The committee should have the power to compare declarations filed under the Civil Servants Act, 1973, the Army Act, 1952 and related rules, the Representation of Peoples Act, 1976, the Senate (Election) Act, 1975 and Rule 4 of the Political Parties Rules, 2002 with those filed under the Income Tax Law. In case of any discrepancies or concealment, the committee could ask the Election Commission of Pakistan, the National Accountability Bureau, the Federal Investigation Agency, the FBR or the military authorities, as the case may be, to take action under the law.

The Panama Papers and other similar disclosures made so far or in the future constitute the name and shame game for tax cheats, corrupt politicians, public officials, drug barons and other criminals that undermine the state institutions, destroy the democratic dispensation and promote a culture of greed. This campaign, however, should not violate anyone’s fundamental rights, including public officeholders. The probe into assets and tax declarations should be done legally and democratically, and not through malicious media campaigns and mudslinging in TV talk shows.

Democracy and rule of law go hand in hand and without transparency and accountability both remain mere clichés. If lawmakers are found wanting, they must be punished more rigorously than others, as they are supposed to be the custodians of public faith and money. As a starting point, the finance minister, being in charge of the FBR, should appear before the house and explain why tax officials have failed to take action, under the law, against the majority of the members of parliament who live lavishly, but declare shamelessly low incomes. All this is evident from the tax directories for the 2013-2014 tax year, published by the FBR. Why has the FBR not taken any action against them so far?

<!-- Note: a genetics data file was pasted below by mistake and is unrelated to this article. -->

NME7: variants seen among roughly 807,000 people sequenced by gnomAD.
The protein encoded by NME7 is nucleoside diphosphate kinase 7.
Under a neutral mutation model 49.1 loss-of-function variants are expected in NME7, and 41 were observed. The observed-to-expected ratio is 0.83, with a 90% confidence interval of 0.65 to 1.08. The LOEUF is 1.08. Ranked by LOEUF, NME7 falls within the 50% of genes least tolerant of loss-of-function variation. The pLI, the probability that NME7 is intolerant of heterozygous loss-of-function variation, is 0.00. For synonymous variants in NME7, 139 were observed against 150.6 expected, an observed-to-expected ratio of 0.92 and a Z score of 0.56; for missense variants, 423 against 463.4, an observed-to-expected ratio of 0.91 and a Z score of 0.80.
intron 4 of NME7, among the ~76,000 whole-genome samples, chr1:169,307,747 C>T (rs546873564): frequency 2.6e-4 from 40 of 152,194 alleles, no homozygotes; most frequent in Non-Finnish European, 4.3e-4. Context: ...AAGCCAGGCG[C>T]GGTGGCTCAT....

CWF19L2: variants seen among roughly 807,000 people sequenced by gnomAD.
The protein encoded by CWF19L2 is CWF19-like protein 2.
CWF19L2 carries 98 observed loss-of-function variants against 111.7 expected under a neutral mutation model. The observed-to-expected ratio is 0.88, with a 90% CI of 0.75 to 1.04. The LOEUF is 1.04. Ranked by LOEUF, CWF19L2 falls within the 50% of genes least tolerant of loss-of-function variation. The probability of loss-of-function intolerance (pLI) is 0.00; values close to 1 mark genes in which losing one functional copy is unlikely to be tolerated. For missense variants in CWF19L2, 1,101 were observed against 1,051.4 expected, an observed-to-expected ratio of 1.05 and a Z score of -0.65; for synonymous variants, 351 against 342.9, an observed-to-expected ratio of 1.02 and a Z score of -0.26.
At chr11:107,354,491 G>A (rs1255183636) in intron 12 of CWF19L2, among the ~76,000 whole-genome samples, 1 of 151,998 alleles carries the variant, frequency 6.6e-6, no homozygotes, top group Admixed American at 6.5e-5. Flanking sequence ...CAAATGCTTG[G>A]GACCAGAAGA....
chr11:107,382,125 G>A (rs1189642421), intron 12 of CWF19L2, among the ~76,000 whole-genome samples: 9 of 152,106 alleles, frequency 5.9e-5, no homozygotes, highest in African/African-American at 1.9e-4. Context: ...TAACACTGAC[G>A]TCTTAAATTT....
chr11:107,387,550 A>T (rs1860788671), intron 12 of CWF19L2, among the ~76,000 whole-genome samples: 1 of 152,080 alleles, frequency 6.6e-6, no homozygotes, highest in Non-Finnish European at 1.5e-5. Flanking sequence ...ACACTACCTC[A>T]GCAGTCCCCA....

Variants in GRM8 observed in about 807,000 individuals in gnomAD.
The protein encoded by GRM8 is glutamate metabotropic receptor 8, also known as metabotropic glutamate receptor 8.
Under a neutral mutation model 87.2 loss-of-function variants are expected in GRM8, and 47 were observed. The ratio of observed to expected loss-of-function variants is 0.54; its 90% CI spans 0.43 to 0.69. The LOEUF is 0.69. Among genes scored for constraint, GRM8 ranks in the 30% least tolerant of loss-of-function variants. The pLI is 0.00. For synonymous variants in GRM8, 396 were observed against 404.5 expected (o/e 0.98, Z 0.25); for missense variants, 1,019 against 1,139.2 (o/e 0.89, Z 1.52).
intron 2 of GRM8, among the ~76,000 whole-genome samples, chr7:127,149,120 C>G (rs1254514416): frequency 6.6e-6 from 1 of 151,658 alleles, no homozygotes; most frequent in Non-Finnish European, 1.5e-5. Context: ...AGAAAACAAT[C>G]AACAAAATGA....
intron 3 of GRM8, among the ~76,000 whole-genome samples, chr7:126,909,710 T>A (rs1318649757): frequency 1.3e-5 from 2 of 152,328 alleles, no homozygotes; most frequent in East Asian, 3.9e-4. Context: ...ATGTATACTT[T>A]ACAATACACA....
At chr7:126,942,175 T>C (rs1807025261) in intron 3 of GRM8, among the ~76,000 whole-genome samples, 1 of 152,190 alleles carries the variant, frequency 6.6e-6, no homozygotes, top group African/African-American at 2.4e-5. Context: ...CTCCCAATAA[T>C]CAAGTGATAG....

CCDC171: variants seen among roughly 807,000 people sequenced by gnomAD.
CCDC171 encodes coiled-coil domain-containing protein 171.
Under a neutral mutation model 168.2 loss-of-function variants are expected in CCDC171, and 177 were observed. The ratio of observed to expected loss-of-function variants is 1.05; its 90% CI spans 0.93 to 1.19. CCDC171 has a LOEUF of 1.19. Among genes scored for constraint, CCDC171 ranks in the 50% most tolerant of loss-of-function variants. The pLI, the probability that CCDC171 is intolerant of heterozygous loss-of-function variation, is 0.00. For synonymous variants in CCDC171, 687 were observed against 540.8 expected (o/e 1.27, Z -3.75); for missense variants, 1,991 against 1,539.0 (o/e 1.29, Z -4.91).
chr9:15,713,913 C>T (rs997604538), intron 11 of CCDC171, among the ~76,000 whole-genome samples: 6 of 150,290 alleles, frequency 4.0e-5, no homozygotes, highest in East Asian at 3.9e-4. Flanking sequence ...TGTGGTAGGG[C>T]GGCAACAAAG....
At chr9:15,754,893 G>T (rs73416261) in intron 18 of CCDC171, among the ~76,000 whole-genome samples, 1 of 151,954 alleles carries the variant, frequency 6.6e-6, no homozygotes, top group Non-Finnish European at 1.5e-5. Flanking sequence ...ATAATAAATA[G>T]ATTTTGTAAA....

The answer to this question will expose how the political masters cripple the state institutions. The FBR must start taking action against parliamentarians who avoid taxes. Otherwise, the finance minister can never promote a tax-paying culture. When all is said and done, nothing will change if the elected members of parliament, public officeholders, bureaucrats, generals and judges are not made answerable for their assets (in their own name, the name of a relative or benami).

As a first step towards reforms, accountability should start from parliament, of all the parliamentarians and state functionaries. Those found guilty should be punished adequately and expeditiously, after the due process of law. There is no other way to deal with the situation. Mr Prime Minister, addressing a public gathering will not help. Please appear before parliament without wasting any more time. Please present all the necessary documents to prove your innocence – and end the prevailing impasse.

The writer is an advocate of the Supreme Court and adjunct faculty at LUMS.

Email: ikram@huzaimaikram.com

Twitter: @drikramulhaq

Dr Ikramul Haq, "No more commissions please," The News. 2016-05-08.
Keywords: Political science , Political issues , Panama Papers , Supreme court , Political system , Political leaders , Political parties , Election commission , Corruption , Accountability , Terrorism , Extremism , Democracy , Ram Jethmalani , Pakistan , Singapore , Malaysia , PTR , FBR